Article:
WEDNESDAY, April 19 (HealthDay News) -- Women over 40 years old who carry BRCA1 or BRCA2 mutations predisposing them to breast cancer have a 14 percent reduced risk of breast cancer with each full-term pregnancy, similar to the general population, according to a study in the April 19 issue of the Journal of the National Cancer Institute.
Nadine Andrieu, Ph.D., of the Institut Curie in Paris, France, and colleagues retrospectively examined breast cancer risk and pregnancy in 1,601 European and Canadian women who were carriers of a BRCA1 or BRCA2 mutation, of whom 853 had breast cancer. The women had provided information on childbirth history, age at time of pregnancy and breast-feeding habits through a questionnaire.
The researchers found a significant 14 percent reduction in breast cancer risk with each full-term pregnancy in women over 40 years old, regardless of which gene was mutated. In BRCA2 carriers, breast cancer risk increased with increasing age at first childbirth, with a hazard ratio of 1.97 for women who were 30 years or older at first childbirth compared with women who were 20 years or younger. In contrast, BRCA1 carriers who were 30 years or older at first childbirth had a reduced breast cancer risk compared with women who were 20 years or younger at first childbirth (hazard ratio 0.58).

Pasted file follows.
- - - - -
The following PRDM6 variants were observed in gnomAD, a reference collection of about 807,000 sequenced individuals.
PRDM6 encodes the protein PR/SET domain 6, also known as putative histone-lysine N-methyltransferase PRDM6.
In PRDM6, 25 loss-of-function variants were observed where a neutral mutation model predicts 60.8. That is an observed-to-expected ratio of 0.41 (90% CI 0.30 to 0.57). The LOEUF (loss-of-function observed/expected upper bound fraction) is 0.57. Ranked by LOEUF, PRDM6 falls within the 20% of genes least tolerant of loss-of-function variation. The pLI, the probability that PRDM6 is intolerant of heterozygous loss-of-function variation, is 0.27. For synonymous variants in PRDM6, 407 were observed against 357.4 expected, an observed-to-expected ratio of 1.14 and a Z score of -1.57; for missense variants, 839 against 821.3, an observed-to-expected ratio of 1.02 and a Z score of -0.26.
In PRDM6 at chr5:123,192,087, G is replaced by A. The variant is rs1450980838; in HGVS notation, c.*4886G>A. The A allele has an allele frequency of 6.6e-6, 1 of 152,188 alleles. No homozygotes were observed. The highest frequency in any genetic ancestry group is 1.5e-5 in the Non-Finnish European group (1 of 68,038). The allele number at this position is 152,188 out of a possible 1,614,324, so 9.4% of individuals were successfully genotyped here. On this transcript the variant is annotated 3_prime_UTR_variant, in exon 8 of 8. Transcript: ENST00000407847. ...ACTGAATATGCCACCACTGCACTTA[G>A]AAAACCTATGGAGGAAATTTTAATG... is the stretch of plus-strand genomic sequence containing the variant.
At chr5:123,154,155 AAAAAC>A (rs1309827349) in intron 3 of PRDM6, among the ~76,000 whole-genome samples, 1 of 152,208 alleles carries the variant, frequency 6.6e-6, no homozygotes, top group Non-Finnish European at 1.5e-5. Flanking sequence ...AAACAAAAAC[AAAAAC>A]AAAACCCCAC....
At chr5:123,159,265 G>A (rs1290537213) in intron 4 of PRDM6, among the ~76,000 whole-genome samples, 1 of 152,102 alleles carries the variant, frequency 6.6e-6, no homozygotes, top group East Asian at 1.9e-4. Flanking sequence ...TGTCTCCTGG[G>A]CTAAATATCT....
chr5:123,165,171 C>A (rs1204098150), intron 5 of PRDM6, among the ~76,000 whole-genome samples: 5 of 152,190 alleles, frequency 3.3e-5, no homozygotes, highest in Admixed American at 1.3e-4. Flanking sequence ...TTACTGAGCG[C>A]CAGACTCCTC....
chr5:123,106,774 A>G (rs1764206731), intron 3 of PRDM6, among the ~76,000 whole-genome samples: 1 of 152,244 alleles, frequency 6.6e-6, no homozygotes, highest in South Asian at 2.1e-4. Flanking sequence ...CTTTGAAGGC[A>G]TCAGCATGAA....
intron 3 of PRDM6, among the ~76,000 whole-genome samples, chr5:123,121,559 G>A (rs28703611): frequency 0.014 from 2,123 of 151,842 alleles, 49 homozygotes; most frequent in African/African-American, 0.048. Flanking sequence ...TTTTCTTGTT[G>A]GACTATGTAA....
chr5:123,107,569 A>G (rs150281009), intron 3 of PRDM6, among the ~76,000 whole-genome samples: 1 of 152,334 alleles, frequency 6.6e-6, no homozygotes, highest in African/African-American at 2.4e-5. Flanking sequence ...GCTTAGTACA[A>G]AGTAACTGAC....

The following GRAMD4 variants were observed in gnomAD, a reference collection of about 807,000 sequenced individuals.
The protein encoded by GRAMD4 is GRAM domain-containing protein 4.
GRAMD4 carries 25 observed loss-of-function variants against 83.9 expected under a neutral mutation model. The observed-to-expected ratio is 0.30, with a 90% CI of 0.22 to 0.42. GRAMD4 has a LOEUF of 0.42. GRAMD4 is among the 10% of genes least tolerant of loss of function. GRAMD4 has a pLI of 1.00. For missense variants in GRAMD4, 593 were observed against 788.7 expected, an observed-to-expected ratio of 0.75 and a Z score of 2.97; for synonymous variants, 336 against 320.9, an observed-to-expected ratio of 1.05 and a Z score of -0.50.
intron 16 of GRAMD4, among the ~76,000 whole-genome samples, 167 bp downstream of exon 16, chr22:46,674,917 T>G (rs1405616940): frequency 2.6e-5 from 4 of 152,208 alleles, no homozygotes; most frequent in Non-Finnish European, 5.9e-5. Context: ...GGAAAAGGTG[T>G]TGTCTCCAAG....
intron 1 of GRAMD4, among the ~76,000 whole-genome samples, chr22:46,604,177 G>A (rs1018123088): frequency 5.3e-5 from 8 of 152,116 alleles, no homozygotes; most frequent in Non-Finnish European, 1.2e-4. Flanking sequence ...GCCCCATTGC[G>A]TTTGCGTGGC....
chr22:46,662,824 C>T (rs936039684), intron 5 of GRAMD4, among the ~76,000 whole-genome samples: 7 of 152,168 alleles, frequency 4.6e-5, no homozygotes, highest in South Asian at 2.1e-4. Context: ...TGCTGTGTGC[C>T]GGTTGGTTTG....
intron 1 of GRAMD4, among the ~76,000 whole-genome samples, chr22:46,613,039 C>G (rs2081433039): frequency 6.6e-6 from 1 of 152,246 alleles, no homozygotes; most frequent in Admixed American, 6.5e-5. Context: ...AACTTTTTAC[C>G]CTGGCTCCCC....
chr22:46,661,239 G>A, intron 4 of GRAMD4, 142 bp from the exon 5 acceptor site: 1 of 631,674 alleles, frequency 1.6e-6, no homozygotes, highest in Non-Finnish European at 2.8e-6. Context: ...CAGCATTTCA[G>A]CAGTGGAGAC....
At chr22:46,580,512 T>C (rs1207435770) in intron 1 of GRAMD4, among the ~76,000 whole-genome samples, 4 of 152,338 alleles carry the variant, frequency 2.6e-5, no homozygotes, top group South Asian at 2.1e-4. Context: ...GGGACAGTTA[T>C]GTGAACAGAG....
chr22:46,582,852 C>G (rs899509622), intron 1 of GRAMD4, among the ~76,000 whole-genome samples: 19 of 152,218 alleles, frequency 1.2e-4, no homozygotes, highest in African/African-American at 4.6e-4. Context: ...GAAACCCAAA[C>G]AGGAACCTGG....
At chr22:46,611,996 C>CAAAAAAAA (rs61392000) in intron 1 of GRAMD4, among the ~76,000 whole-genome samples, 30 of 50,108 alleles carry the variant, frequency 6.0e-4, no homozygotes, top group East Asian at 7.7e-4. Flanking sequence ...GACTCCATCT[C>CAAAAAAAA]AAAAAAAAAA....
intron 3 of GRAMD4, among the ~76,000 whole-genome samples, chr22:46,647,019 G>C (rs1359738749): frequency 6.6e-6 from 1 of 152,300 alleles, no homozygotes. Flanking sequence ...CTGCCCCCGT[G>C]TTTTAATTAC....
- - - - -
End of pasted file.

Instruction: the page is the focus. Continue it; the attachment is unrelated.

"In conclusion, our data provide evidence that multiple full-term pregnancies are associated with a moderate reduction in the risk of breast cancer in BRCA1 and BRCA2 mutation carriers, which is evident only in women older than 40 years," Andrieu and colleagues write. "This decrease in breast cancer risk appears to be consistent with that found in the general population."